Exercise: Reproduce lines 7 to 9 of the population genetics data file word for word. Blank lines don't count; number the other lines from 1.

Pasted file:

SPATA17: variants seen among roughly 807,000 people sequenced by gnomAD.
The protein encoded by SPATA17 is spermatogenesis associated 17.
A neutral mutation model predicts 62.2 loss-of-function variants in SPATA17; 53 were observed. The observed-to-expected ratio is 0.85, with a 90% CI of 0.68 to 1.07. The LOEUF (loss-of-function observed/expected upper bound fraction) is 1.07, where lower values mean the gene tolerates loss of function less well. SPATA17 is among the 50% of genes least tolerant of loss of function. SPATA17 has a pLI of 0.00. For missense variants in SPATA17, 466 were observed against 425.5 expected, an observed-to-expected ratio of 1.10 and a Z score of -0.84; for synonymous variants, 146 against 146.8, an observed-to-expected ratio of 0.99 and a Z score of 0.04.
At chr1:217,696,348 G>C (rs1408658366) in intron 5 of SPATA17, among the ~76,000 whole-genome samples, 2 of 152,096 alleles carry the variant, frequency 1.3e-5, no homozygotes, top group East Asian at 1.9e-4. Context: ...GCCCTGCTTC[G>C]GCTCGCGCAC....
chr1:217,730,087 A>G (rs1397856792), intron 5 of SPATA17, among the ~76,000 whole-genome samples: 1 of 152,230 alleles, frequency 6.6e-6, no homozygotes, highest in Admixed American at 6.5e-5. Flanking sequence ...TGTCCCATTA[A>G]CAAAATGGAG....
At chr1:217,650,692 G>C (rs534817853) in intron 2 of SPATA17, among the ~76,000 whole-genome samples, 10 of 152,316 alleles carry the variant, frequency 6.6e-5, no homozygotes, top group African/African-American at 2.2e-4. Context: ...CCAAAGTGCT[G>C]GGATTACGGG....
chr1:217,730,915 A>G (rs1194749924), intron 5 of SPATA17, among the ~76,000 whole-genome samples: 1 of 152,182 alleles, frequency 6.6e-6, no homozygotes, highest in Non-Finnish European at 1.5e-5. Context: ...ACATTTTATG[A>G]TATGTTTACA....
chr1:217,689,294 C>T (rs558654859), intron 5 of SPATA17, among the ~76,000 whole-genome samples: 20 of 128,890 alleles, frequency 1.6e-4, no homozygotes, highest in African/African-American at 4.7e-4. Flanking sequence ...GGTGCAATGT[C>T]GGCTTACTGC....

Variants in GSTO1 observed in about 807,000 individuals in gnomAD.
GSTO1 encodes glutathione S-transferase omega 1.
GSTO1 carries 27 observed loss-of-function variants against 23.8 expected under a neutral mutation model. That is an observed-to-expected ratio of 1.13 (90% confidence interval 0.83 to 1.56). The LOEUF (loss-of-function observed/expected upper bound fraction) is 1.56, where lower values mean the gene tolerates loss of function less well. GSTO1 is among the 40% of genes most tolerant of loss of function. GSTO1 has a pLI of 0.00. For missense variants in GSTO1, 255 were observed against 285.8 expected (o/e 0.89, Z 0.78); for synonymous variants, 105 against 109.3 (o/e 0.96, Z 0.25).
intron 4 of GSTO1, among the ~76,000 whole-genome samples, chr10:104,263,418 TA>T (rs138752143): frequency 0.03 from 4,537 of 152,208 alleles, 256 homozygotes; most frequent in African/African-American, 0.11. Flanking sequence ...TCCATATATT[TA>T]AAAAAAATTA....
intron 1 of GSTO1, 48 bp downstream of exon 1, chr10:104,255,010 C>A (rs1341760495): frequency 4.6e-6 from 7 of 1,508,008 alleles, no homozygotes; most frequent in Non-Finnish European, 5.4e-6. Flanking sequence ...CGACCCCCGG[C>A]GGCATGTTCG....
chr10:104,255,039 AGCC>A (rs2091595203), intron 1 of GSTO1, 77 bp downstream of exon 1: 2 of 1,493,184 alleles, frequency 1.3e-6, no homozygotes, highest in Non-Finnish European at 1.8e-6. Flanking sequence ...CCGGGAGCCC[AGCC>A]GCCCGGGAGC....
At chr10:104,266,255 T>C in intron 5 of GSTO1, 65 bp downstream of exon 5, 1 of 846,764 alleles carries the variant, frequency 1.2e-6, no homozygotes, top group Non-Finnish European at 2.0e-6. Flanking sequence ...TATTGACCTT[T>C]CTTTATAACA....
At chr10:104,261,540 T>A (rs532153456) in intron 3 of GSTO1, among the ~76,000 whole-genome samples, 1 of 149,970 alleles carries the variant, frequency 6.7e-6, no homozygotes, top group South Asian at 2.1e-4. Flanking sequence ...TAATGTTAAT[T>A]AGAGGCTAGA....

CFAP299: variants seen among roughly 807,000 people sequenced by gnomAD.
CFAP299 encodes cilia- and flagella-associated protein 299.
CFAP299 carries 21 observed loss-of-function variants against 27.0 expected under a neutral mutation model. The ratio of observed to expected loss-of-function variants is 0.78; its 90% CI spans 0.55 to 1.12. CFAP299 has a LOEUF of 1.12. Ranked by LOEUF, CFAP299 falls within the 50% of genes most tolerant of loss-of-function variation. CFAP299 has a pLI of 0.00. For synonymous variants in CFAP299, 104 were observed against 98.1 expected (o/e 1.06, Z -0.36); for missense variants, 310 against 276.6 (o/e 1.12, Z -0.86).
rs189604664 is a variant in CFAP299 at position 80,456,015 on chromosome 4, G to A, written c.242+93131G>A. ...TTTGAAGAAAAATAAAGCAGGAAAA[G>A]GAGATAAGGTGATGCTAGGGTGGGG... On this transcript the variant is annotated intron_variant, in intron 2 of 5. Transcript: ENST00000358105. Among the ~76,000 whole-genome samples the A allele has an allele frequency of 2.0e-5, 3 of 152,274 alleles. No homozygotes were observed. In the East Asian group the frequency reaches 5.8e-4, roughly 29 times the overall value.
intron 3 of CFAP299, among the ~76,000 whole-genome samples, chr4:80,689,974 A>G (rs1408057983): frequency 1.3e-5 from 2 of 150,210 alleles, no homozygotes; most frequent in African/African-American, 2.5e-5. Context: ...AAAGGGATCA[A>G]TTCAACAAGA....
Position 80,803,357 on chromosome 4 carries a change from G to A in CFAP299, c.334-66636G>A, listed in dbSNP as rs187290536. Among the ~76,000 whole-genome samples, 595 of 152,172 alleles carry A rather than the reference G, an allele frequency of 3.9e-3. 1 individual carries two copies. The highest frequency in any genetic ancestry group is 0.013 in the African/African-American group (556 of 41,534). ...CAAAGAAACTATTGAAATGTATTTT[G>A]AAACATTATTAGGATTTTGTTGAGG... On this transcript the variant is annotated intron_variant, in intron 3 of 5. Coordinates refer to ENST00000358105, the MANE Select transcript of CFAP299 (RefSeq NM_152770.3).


chr1:217,730,915 A>G (rs1194749924), intron 5 of SPATA17, among the ~76,000 whole-genome samples: 1 of 152,182 alleles, frequency 6.6e-6, no homozygotes, highest in Non-Finnish European at 1.5e-5. Context: ...ACATTTTATG[A>G]TATGTTTACA....
chr1:217,689,294 C>T (rs558654859), intron 5 of SPATA17, among the ~76,000 whole-genome samples: 20 of 128,890 alleles, frequency 1.6e-4, no homozygotes, highest in African/African-American at 4.7e-4. Flanking sequence ...GGTGCAATGT[C>T]GGCTTACTGC....

Variants in GSTO1 observed in about 807,000 individuals in gnomAD.